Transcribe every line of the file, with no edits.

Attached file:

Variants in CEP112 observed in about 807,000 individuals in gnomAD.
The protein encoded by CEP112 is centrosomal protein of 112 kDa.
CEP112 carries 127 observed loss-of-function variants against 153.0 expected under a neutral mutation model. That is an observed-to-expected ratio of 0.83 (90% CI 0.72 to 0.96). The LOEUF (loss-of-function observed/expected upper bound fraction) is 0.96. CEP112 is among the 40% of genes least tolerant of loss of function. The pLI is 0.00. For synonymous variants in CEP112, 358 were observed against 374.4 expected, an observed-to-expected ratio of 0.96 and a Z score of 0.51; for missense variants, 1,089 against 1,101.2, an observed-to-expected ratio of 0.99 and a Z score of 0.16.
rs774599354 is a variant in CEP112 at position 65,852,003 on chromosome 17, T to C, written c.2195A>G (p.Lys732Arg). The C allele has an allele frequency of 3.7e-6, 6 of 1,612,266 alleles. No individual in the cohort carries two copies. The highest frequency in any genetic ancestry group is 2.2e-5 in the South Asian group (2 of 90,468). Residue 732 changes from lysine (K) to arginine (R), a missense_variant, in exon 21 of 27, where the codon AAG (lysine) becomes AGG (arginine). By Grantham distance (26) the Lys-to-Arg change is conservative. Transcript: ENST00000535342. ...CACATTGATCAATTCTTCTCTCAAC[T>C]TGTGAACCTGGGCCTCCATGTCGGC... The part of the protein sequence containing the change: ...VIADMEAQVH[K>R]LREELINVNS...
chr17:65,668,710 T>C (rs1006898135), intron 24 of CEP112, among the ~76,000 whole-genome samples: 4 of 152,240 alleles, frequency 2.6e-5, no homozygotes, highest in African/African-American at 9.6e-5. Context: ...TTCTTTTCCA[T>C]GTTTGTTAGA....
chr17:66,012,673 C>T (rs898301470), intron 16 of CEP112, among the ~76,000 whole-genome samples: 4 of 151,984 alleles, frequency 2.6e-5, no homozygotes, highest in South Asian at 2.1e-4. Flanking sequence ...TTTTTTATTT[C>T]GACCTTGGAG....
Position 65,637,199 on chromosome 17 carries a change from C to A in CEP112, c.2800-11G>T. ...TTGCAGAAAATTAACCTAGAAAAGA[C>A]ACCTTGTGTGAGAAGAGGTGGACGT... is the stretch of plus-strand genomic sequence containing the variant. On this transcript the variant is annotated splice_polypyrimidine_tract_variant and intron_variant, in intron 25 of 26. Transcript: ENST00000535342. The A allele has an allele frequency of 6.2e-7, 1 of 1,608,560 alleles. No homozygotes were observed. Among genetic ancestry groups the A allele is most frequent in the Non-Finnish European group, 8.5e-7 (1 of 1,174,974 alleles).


Variants in CEP112 observed in about 807,000 individuals in gnomAD.
The protein encoded by CEP112 is centrosomal protein of 112 kDa.
CEP112 carries 127 observed loss-of-function variants against 153.0 expected under a neutral mutation model. That is an observed-to-expected ratio of 0.83 (90% CI 0.72 to 0.96). The LOEUF (loss-of-function observed/expected upper bound fraction) is 0.96. CEP112 is among the 40% of genes least tolerant of loss of function. The pLI is 0.00. For synonymous variants in CEP112, 358 were observed against 374.4 expected, an observed-to-expected ratio of 0.96 and a Z score of 0.51; for missense variants, 1,089 against 1,101.2, an observed-to-expected ratio of 0.99 and a Z score of 0.16.
rs774599354 is a variant in CEP112 at position 65,852,003 on chromosome 17, T to C, written c.2195A>G (p.Lys732Arg). The C allele has an allele frequency of 3.7e-6, 6 of 1,612,266 alleles. No individual in the cohort carries two copies. The highest frequency in any genetic ancestry group is 2.2e-5 in the South Asian group (2 of 90,468). Residue 732 changes from lysine (K) to arginine (R), a missense_variant, in exon 21 of 27, where the codon AAG (lysine) becomes AGG (arginine). By Grantham distance (26) the Lys-to-Arg change is conservative. Transcript: ENST00000535342. ...CACATTGATCAATTCTTCTCTCAAC[T>C]TGTGAACCTGGGCCTCCATGTCGGC... The part of the protein sequence containing the change: ...VIADMEAQVH[K>R]LREELINVNS...
chr17:65,668,710 T>C (rs1006898135), intron 24 of CEP112, among the ~76,000 whole-genome samples: 4 of 152,240 alleles, frequency 2.6e-5, no homozygotes, highest in African/African-American at 9.6e-5. Context: ...TTCTTTTCCA[T>C]GTTTGTTAGA....
chr17:66,012,673 C>T (rs898301470), intron 16 of CEP112, among the ~76,000 whole-genome samples: 4 of 151,984 alleles, frequency 2.6e-5, no homozygotes, highest in South Asian at 2.1e-4. Flanking sequence ...TTTTTTATTT[C>T]GACCTTGGAG....
Position 65,637,199 on chromosome 17 carries a change from C to A in CEP112, c.2800-11G>T. ...TTGCAGAAAATTAACCTAGAAAAGA[C>A]ACCTTGTGTGAGAAGAGGTGGACGT... is the stretch of plus-strand genomic sequence containing the variant. On this transcript the variant is annotated splice_polypyrimidine_tract_variant and intron_variant, in intron 25 of 26. Transcript: ENST00000535342. The A allele has an allele frequency of 6.2e-7, 1 of 1,608,560 alleles. No homozygotes were observed. Among genetic ancestry groups the A allele is most frequent in the Non-Finnish European group, 8.5e-7 (1 of 1,174,974 alleles).